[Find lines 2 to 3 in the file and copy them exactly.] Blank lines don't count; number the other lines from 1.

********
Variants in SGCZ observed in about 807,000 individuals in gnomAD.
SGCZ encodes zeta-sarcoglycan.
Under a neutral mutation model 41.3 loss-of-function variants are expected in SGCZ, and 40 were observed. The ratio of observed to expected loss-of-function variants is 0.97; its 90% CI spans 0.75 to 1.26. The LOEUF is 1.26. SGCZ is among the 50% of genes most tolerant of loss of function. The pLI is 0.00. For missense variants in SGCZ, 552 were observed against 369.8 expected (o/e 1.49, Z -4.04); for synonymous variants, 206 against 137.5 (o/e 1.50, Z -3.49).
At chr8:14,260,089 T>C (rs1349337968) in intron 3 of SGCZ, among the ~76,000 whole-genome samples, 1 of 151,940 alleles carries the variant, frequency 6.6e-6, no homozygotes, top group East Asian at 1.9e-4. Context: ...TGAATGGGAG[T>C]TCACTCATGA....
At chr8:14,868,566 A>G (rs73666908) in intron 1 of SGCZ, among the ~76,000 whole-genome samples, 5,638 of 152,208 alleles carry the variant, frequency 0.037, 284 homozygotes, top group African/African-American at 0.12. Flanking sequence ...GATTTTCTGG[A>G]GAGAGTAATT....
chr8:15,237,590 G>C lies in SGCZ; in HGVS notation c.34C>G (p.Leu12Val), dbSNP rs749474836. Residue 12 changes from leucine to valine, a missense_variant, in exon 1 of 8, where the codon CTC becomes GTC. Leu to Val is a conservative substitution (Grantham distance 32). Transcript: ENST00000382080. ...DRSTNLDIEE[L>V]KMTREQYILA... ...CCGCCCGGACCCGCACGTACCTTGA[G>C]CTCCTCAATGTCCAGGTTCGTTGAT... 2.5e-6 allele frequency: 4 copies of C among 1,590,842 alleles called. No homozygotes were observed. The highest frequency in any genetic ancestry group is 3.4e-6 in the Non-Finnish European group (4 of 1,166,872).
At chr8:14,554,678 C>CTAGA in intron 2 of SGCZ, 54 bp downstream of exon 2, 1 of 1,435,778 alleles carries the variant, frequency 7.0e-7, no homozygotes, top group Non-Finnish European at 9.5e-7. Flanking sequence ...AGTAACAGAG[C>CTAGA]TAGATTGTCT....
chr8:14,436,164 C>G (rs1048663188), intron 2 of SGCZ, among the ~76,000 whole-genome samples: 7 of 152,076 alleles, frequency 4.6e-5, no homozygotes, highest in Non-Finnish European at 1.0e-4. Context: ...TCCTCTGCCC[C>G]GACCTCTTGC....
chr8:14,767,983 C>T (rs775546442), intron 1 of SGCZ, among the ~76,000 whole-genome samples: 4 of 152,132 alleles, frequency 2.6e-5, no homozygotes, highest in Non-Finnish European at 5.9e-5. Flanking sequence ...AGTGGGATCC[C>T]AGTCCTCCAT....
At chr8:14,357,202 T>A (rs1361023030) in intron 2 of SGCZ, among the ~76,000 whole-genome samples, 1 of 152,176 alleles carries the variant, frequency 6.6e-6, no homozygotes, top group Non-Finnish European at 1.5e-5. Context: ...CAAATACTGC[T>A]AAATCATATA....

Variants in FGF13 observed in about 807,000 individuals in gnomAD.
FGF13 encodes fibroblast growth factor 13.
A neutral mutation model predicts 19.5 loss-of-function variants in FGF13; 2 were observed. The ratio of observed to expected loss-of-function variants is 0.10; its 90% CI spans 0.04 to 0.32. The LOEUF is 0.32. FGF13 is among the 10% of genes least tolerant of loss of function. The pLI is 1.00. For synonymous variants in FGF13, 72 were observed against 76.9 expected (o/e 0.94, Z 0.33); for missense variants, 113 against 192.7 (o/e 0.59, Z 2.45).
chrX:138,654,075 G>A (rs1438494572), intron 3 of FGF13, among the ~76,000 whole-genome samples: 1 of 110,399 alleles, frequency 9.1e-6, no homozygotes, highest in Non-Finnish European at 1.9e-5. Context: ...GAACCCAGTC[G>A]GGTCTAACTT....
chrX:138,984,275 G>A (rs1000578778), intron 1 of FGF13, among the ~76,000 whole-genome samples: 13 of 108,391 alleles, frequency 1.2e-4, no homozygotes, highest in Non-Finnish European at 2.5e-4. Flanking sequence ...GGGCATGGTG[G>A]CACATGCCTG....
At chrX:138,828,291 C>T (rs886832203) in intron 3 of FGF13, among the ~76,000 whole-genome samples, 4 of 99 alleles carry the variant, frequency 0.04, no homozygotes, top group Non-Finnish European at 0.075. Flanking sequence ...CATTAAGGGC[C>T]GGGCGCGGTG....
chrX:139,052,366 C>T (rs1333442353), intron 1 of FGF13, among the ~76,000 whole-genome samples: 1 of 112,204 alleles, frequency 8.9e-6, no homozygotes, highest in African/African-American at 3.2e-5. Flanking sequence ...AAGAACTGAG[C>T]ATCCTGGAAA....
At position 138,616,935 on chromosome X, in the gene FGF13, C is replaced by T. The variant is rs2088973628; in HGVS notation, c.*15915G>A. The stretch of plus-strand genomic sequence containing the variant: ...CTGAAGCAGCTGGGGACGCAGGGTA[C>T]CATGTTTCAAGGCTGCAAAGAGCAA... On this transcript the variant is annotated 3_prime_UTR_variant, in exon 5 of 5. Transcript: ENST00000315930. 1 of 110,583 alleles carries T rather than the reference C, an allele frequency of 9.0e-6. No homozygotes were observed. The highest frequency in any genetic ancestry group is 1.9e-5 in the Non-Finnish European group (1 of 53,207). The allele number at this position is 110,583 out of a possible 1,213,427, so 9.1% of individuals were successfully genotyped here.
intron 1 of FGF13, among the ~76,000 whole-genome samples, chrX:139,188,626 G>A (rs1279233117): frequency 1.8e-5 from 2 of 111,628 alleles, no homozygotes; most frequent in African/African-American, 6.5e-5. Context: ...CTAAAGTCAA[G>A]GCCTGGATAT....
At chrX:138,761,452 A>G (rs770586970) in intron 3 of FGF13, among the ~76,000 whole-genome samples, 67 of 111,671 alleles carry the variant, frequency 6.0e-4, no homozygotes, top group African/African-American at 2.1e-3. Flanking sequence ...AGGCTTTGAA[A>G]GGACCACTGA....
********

SGCZ encodes zeta-sarcoglycan.
Under a neutral mutation model 41.3 loss-of-function variants are expected in SGCZ, and 40 were observed. The ratio of observed to expected loss-of-function variants is 0.97; its 90% CI spans 0.75 to 1.26. The LOEUF is 1.26. SGCZ is among the 50% of genes most tolerant of loss of function. The pLI is 0.00. For missense variants in SGCZ, 552 were observed against 369.8 expected (o/e 1.49, Z -4.04); for synonymous variants, 206 against 137.5 (o/e 1.50, Z -3.49).